15. The method of claim 13 comprising the additional step of:
selecting n as a function of the luminous intensity of the light which is incident on said two-dimensional image sensor such that a means amplitude of an output signal of said image sensor remains constant.
16. A method for operating a two-dimensional semiconductor image sensor having a plurality of sensor elements disposed in rows and columns and having a plurality of column lines respectively connecting all sensor elements in each column and a plurality of row lines respectively connecting all sensor elements in each row, comprising the steps of:
sequentially selecting each of said rows for readout of the charge carriers collected in the sensor elements in said rows during a first readout over said column lines;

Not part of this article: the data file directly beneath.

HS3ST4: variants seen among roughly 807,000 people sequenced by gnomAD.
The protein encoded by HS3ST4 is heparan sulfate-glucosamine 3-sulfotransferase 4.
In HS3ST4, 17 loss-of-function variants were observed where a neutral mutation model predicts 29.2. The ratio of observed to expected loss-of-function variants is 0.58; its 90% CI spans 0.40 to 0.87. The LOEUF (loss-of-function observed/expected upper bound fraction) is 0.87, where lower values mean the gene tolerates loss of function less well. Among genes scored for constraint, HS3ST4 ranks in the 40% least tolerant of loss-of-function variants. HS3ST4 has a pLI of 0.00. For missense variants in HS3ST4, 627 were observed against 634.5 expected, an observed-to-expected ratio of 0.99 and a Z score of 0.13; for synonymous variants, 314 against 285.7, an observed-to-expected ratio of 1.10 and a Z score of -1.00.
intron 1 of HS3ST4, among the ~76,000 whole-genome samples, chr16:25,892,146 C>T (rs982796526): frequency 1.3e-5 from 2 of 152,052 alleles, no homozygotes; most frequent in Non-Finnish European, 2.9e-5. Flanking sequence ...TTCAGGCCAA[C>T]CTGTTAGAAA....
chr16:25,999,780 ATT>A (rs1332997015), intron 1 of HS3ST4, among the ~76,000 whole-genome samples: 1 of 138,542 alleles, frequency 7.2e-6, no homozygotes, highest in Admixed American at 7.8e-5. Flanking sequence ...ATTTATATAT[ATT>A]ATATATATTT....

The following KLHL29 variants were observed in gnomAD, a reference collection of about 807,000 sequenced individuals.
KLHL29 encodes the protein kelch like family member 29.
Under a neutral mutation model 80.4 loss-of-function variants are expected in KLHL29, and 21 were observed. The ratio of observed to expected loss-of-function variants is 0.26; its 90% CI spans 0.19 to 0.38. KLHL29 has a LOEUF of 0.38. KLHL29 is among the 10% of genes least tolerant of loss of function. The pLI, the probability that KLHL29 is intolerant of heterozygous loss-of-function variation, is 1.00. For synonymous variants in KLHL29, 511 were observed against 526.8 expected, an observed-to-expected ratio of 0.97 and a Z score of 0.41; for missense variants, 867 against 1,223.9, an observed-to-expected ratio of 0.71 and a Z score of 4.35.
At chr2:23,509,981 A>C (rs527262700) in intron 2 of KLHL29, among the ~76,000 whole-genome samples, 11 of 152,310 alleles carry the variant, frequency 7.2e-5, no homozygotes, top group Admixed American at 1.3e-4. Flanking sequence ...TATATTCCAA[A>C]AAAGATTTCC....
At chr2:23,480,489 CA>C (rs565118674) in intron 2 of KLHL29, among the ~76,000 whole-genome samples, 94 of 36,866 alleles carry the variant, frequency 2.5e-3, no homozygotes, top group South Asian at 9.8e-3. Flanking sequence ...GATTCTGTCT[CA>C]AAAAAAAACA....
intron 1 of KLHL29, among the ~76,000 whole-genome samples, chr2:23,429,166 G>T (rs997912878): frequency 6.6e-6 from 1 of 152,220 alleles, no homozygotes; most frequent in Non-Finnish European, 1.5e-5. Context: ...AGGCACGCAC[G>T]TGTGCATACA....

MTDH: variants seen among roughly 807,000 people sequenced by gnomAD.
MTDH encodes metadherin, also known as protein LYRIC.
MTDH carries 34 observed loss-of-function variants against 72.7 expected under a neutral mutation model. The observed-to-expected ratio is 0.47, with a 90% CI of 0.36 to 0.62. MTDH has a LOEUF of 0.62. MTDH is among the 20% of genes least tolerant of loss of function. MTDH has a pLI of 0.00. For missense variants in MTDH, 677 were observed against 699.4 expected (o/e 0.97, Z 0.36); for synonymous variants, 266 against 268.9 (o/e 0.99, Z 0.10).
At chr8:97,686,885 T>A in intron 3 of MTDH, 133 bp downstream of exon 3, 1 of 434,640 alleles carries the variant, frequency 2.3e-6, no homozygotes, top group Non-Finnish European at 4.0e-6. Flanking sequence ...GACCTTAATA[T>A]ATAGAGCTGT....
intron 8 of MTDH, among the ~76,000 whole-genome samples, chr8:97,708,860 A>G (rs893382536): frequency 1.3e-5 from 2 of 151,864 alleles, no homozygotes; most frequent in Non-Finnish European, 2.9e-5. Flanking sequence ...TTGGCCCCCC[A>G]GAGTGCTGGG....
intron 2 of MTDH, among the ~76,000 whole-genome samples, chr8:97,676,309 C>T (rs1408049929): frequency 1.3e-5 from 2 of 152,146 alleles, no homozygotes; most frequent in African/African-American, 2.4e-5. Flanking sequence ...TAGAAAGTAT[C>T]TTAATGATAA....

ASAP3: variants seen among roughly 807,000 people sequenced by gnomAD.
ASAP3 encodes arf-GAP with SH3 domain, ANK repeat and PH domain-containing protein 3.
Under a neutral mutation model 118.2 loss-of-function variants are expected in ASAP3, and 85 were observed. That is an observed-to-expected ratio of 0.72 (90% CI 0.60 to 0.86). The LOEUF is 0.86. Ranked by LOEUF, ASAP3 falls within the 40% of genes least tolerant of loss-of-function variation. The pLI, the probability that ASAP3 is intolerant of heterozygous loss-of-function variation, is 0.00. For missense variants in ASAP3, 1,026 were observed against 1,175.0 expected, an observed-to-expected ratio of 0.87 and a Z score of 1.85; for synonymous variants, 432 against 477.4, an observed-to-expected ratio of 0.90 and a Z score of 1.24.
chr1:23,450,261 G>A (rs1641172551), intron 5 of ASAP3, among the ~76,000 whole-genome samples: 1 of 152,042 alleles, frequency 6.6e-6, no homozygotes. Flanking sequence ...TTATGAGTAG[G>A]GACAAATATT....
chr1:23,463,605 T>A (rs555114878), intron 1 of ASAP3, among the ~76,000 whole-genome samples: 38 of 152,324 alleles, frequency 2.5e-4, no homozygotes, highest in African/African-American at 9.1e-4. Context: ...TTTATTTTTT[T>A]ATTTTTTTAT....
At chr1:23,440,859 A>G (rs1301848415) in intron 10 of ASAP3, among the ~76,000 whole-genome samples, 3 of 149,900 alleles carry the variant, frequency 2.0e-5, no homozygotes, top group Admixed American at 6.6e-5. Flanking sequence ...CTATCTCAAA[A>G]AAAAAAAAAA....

periodically repeatedly reading out said sensor elements in each of said rows a total of n times after said first readout thereof during the time span during which the next-successive n rows are first read out;
cancelling all charge carriers read out of said sensor elements during said n readouts after said first readout thereof;
charging a capacitor by developing a voltage across said capacitor which is proportional to the luminous intensity of light incident on said image sensor;
simultaneously setting a backward counter with a count equal to the number of rows of sensor elements;
counting backward in said backward counter unit said voltage across said capacitor reaches a predetermined value;
transferring the count in said backward counter into a forward counter as an upper count limit;
counting in said forward counter until reaching said upper count limit;
supplying a signal to a vertical shift register from said forward counter, said vertical shift register having a plurality of parallel outputs, for initiating said n further read outs of the sensor elements in said rows;